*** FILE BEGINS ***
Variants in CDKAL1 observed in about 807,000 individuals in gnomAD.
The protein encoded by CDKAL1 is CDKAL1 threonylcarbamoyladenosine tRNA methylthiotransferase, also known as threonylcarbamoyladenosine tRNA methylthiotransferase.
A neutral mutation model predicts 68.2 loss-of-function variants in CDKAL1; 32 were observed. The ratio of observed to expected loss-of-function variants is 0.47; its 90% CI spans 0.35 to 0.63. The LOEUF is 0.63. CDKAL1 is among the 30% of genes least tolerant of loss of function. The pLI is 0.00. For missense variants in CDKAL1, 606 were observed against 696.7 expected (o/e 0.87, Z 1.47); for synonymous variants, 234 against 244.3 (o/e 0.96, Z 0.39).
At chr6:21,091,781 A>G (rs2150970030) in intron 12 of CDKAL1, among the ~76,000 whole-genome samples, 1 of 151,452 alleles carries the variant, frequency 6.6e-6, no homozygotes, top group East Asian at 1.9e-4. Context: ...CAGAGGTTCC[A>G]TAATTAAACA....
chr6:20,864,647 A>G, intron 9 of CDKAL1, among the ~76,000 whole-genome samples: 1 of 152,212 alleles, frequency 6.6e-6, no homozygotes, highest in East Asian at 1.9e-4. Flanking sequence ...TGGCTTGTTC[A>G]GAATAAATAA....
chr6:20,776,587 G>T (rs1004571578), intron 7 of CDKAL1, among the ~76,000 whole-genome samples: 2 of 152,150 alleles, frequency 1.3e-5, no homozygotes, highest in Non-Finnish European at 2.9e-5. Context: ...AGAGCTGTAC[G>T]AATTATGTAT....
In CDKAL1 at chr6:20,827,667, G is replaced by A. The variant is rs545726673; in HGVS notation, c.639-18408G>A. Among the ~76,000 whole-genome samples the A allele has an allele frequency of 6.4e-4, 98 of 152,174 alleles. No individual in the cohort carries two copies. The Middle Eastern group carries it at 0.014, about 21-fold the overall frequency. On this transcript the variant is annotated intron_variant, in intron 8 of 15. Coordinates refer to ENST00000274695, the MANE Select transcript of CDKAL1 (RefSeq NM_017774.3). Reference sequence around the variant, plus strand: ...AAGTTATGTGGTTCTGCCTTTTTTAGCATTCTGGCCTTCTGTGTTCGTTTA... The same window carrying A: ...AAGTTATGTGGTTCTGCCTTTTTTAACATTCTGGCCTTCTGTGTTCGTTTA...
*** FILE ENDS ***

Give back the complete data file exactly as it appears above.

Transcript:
Variants in CDKAL1 observed in about 807,000 individuals in gnomAD.
The protein encoded by CDKAL1 is CDKAL1 threonylcarbamoyladenosine tRNA methylthiotransferase, also known as threonylcarbamoyladenosine tRNA methylthiotransferase.
A neutral mutation model predicts 68.2 loss-of-function variants in CDKAL1; 32 were observed. The ratio of observed to expected loss-of-function variants is 0.47; its 90% CI spans 0.35 to 0.63. The LOEUF is 0.63. CDKAL1 is among the 30% of genes least tolerant of loss of function. The pLI is 0.00. For missense variants in CDKAL1, 606 were observed against 696.7 expected (o/e 0.87, Z 1.47); for synonymous variants, 234 against 244.3 (o/e 0.96, Z 0.39).
At chr6:21,091,781 A>G (rs2150970030) in intron 12 of CDKAL1, among the ~76,000 whole-genome samples, 1 of 151,452 alleles carries the variant, frequency 6.6e-6, no homozygotes, top group East Asian at 1.9e-4. Context: ...CAGAGGTTCC[A>G]TAATTAAACA....
chr6:20,864,647 A>G, intron 9 of CDKAL1, among the ~76,000 whole-genome samples: 1 of 152,212 alleles, frequency 6.6e-6, no homozygotes, highest in East Asian at 1.9e-4. Flanking sequence ...TGGCTTGTTC[A>G]GAATAAATAA....
chr6:20,776,587 G>T (rs1004571578), intron 7 of CDKAL1, among the ~76,000 whole-genome samples: 2 of 152,150 alleles, frequency 1.3e-5, no homozygotes, highest in Non-Finnish European at 2.9e-5. Context: ...AGAGCTGTAC[G>T]AATTATGTAT....
In CDKAL1 at chr6:20,827,667, G is replaced by A. The variant is rs545726673; in HGVS notation, c.639-18408G>A. Among the ~76,000 whole-genome samples the A allele has an allele frequency of 6.4e-4, 98 of 152,174 alleles. No individual in the cohort carries two copies. The Middle Eastern group carries it at 0.014, about 21-fold the overall frequency. On this transcript the variant is annotated intron_variant, in intron 8 of 15. Coordinates refer to ENST00000274695, the MANE Select transcript of CDKAL1 (RefSeq NM_017774.3). Reference sequence around the variant, plus strand: ...AAGTTATGTGGTTCTGCCTTTTTTAGCATTCTGGCCTTCTGTGTTCGTTTA... The same window carrying A: ...AAGTTATGTGGTTCTGCCTTTTTTAACATTCTGGCCTTCTGTGTTCGTTTA...